Las Vegas Twin Lakes Lions Club Opens First Clinic for the Poor as Legacy Project

Mother Teresa said that, at the end of life, we will not be judged by how many diplomas we have received, how much money we have made and how many great things we have done. We will be judged by our simple acts of kindness: “I was hungry, and you gave me something to eat, I was naked and you clothed me. I was homeless, and you took me in.” Mother Teresa was a Catholic nun who devoted her life to serving the poor.

Members of the Las Vegas Twin Lakes Lions Club have embraced her mission with their recent Legacy Project.

In 1980, Salve Vargas Edelman, the club’s charter president, came to America from the Philippines. “I grew up hearing that we had to help those in our own backyard,” she recalled. “Today, I see poor people in our area who don’t have access to healthcare. And it’s sad because this is America! That’s why I chartered this Lions club. We made it our mission to support the Twin Lakes Community Clinic to help the underserved, marginalized and indigent people in our community.”

Her club went to work organizing various fundraising events for the renovation of a vacant building, which the City of Las Vegas approved to operate as a medical clinic. The Lions held a bowling tournament and a silent auction, and hosted a Disco Fever event and health fair as some of their fundraising activities.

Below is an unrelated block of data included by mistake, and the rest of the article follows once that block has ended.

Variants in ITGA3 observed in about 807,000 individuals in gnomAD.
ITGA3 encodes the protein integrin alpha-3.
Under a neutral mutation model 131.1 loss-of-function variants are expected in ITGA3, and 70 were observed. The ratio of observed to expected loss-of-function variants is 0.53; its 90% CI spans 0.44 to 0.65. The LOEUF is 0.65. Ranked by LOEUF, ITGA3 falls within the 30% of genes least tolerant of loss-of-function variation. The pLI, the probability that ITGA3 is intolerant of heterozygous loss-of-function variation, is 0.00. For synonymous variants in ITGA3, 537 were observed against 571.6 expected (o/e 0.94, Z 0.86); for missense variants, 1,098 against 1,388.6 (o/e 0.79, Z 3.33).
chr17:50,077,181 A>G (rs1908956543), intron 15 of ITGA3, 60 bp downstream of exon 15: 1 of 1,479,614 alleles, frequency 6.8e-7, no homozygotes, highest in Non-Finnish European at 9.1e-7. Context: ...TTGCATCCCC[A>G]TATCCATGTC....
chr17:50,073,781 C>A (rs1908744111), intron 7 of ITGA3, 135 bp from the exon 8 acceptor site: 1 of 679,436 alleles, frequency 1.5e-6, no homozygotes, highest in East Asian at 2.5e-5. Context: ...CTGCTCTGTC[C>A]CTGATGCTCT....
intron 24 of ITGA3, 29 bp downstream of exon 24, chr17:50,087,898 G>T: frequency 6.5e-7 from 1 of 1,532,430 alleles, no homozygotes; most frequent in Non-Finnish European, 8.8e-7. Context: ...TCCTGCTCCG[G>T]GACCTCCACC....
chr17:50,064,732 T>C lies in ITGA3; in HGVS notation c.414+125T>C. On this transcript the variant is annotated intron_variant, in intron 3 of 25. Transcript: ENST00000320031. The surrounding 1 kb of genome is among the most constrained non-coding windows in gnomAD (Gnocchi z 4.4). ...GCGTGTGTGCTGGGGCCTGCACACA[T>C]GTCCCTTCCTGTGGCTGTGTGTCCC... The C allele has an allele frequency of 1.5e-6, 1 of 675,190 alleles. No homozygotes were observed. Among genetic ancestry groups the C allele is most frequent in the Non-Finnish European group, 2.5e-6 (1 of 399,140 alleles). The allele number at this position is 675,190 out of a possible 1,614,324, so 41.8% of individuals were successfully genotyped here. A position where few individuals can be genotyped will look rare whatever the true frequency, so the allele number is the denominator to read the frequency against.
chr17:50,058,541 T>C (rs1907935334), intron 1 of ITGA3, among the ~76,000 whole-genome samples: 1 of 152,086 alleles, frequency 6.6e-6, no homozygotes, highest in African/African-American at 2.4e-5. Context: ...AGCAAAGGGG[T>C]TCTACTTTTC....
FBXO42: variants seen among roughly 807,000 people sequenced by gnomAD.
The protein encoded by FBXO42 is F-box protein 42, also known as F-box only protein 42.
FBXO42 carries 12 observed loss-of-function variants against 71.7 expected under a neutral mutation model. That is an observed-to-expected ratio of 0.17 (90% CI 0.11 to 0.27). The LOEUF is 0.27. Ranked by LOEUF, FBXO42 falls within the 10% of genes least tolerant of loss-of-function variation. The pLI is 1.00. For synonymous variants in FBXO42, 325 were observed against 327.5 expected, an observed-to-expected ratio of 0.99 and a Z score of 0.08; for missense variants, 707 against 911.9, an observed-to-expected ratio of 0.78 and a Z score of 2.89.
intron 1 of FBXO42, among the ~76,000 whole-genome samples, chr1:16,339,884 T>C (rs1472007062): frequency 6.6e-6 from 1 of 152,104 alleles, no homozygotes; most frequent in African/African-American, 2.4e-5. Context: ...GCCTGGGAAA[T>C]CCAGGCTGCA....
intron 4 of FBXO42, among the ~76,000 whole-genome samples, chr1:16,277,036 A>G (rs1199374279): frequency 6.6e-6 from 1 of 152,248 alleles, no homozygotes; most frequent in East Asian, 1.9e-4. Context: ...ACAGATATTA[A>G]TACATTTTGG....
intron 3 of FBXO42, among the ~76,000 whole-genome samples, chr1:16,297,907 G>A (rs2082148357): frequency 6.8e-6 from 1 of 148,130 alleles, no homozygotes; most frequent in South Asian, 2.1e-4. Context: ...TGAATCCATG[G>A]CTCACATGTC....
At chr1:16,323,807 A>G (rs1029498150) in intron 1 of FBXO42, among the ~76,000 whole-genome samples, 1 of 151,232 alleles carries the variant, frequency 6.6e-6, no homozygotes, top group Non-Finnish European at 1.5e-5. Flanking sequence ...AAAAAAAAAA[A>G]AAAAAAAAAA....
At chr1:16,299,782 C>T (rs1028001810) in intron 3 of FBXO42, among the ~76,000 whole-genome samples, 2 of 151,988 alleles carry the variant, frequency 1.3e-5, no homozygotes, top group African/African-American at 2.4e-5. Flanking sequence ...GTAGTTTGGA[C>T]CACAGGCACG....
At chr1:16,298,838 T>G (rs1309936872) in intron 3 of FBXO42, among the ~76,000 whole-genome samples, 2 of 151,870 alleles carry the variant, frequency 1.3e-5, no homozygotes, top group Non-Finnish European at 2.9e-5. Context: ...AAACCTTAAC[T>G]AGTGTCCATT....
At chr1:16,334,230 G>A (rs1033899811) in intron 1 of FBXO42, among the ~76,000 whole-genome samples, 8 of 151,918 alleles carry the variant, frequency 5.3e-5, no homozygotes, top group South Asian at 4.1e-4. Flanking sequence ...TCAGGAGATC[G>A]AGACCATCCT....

The Las Vegas Twin Lakes Lions renovated the building by changing the flooring from old carpeting to wood flooring, painting the inside of the building and creating separate rooms for each service being provided, in accordance with city code requirements. They received donations of tables and chairs, filing cabinets, decorations, a fireplace screen and assorted medical supplies and equipment.

Last year, the clinic launched a soft opening which was attended by several government officials, business and religious leaders, the media, and of course, Lions and their families and friends.

Today, the clinic provides a variety of preventive health and wellness services, such as screenings for vision, diabetes and hypertension, as well as education, awareness and information about health issues.

“We wanted to help build a healthy community and make the lives of the people we serve better,” Edelman added. “We have left a lasting Lions legacy in our area, one that will impact generations to come.”

What will your Lions club legacy be? This is the last year to celebrate the Centennial with a Legacy Project, so start planning yours today!

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